London Agreement - four years on
Posted in | Nov 30, 2012
The Agreement on the Application of Article 65 of the European Patent Convention, more commonly referred to as the London Agreement, entered into force on 1 May 2008. Prior to the London Agreement, when validating a granted European Patent in any of the designated member states of the European Patent Organisation (EPO), it was necessary to provide a full translation of the text of the European patent into the official language of that state. The intention of the London Agreement was to remove this requirement, thereby significantly reducing the cost of validation in the member states upon grant of a European patent.
There are three types of members of the London Agreement:
- members that do not require a translation;
- members that do not require a translation, provided the European patent is in a language that they will accept (English, French or German); or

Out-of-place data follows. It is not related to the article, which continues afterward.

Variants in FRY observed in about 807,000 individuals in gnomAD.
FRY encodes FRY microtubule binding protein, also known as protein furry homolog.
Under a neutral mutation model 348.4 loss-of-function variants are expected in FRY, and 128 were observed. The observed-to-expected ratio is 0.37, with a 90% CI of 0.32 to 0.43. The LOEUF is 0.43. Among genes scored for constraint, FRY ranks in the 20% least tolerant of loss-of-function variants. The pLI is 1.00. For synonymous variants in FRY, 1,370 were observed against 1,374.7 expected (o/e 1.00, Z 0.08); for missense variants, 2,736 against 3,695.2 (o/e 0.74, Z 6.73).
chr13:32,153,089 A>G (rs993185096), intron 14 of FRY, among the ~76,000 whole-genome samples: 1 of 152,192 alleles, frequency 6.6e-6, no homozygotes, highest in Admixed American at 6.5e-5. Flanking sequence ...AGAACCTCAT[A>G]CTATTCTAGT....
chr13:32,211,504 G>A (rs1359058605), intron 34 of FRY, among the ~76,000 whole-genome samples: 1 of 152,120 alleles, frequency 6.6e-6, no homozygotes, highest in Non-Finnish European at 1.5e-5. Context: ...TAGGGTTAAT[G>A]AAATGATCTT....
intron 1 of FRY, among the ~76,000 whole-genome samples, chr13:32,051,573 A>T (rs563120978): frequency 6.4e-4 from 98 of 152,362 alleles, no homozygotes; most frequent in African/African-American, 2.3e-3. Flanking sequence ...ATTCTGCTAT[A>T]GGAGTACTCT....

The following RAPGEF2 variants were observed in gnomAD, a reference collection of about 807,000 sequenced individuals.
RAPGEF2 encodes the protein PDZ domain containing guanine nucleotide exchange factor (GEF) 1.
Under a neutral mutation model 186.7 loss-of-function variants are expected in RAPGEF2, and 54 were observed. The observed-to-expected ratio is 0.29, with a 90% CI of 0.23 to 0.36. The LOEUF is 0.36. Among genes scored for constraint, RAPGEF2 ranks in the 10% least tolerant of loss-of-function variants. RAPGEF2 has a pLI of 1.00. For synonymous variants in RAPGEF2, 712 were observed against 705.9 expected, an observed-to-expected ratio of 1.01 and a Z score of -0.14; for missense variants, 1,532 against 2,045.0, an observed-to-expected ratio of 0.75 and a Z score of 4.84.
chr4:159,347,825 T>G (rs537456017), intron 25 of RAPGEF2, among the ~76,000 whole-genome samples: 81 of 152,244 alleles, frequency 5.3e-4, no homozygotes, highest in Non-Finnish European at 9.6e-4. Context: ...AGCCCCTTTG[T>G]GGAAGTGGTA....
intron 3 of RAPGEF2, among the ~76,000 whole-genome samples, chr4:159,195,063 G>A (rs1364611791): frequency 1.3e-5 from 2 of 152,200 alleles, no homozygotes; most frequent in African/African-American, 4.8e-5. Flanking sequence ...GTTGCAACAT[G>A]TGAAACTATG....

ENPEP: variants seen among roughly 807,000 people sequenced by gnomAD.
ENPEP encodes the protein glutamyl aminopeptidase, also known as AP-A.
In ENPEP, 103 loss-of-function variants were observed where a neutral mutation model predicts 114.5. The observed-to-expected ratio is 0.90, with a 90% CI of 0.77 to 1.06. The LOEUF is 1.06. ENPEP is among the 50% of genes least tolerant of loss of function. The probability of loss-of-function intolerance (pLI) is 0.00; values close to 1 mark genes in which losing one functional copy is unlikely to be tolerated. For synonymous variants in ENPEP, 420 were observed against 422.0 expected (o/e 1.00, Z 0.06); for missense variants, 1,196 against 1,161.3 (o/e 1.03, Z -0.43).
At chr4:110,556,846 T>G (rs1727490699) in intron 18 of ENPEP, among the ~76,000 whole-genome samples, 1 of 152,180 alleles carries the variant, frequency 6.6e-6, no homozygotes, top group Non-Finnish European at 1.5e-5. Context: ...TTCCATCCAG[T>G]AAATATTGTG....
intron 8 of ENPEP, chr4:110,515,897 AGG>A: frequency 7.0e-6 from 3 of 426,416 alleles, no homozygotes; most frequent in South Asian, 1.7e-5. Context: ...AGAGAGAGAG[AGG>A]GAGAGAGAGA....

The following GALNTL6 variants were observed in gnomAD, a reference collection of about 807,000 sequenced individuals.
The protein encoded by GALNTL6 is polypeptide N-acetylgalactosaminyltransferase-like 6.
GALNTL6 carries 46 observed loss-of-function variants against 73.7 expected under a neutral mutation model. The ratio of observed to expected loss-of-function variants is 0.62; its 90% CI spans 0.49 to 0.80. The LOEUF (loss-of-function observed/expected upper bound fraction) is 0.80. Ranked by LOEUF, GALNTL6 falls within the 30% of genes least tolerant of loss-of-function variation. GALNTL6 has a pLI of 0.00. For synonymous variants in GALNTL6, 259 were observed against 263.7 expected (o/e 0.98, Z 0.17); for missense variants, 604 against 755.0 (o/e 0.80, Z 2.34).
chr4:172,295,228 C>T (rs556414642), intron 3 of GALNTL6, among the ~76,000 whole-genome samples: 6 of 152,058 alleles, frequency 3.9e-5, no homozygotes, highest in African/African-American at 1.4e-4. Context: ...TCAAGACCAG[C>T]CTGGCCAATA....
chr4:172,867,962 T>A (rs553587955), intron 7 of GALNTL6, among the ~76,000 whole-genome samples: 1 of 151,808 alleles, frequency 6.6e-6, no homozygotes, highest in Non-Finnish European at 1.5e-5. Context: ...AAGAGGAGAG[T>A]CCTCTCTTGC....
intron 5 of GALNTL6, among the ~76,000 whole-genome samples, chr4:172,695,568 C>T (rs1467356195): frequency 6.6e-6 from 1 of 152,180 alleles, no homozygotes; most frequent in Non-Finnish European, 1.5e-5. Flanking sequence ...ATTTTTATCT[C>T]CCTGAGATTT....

- members that do not require a translation, provided the European patent is in a language that they will accept (English, French or German) and the claims are translated into one of their official languages.
Since its introduction in 2008, only a handful of member states have signed up to the London Agreement. A current list of the members is available at the European Patent Office website.
Despite the lack of numbers, two of the biggest European economies, France and Germany, are members and in most cases this has greatly reduced validation costs upon grant of a European patent. It is hoped that more countries will sign up to the London Agreement so that validation costs will reduce further still, benefiting European applicants.
If you are expecting to be granted, or have recently been granted, a European patent and would like to discuss your validation options and how the London Agreement could save you money, please contact our European patent attorneys.